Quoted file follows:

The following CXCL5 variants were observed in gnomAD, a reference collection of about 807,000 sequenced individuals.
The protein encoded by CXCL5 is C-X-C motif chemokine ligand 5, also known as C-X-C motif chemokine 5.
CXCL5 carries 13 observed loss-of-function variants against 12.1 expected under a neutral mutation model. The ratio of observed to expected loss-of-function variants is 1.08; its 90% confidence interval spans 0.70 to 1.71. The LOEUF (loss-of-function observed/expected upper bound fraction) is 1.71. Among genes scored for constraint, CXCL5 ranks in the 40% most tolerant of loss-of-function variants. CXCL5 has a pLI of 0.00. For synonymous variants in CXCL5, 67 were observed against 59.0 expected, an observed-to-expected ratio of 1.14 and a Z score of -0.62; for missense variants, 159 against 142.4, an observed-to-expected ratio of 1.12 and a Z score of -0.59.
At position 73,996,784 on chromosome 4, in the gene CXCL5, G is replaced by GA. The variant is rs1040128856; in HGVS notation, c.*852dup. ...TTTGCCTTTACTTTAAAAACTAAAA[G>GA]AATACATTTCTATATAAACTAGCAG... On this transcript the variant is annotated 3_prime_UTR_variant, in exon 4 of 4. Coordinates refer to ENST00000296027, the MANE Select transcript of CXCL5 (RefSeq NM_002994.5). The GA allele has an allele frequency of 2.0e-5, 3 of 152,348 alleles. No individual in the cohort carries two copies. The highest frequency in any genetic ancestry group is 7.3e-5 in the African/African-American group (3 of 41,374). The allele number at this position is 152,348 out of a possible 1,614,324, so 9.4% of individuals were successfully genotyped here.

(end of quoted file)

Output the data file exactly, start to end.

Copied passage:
The following CXCL5 variants were observed in gnomAD, a reference collection of about 807,000 sequenced individuals.
The protein encoded by CXCL5 is C-X-C motif chemokine ligand 5, also known as C-X-C motif chemokine 5.
CXCL5 carries 13 observed loss-of-function variants against 12.1 expected under a neutral mutation model. The ratio of observed to expected loss-of-function variants is 1.08; its 90% confidence interval spans 0.70 to 1.71. The LOEUF (loss-of-function observed/expected upper bound fraction) is 1.71. Among genes scored for constraint, CXCL5 ranks in the 40% most tolerant of loss-of-function variants. CXCL5 has a pLI of 0.00. For synonymous variants in CXCL5, 67 were observed against 59.0 expected, an observed-to-expected ratio of 1.14 and a Z score of -0.62; for missense variants, 159 against 142.4, an observed-to-expected ratio of 1.12 and a Z score of -0.59.
At position 73,996,784 on chromosome 4, in the gene CXCL5, G is replaced by GA. The variant is rs1040128856; in HGVS notation, c.*852dup. ...TTTGCCTTTACTTTAAAAACTAAAA[G>GA]AATACATTTCTATATAAACTAGCAG... On this transcript the variant is annotated 3_prime_UTR_variant, in exon 4 of 4. Coordinates refer to ENST00000296027, the MANE Select transcript of CXCL5 (RefSeq NM_002994.5). The GA allele has an allele frequency of 2.0e-5, 3 of 152,348 alleles. No individual in the cohort carries two copies. The highest frequency in any genetic ancestry group is 7.3e-5 in the African/African-American group (3 of 41,374). The allele number at this position is 152,348 out of a possible 1,614,324, so 9.4% of individuals were successfully genotyped here.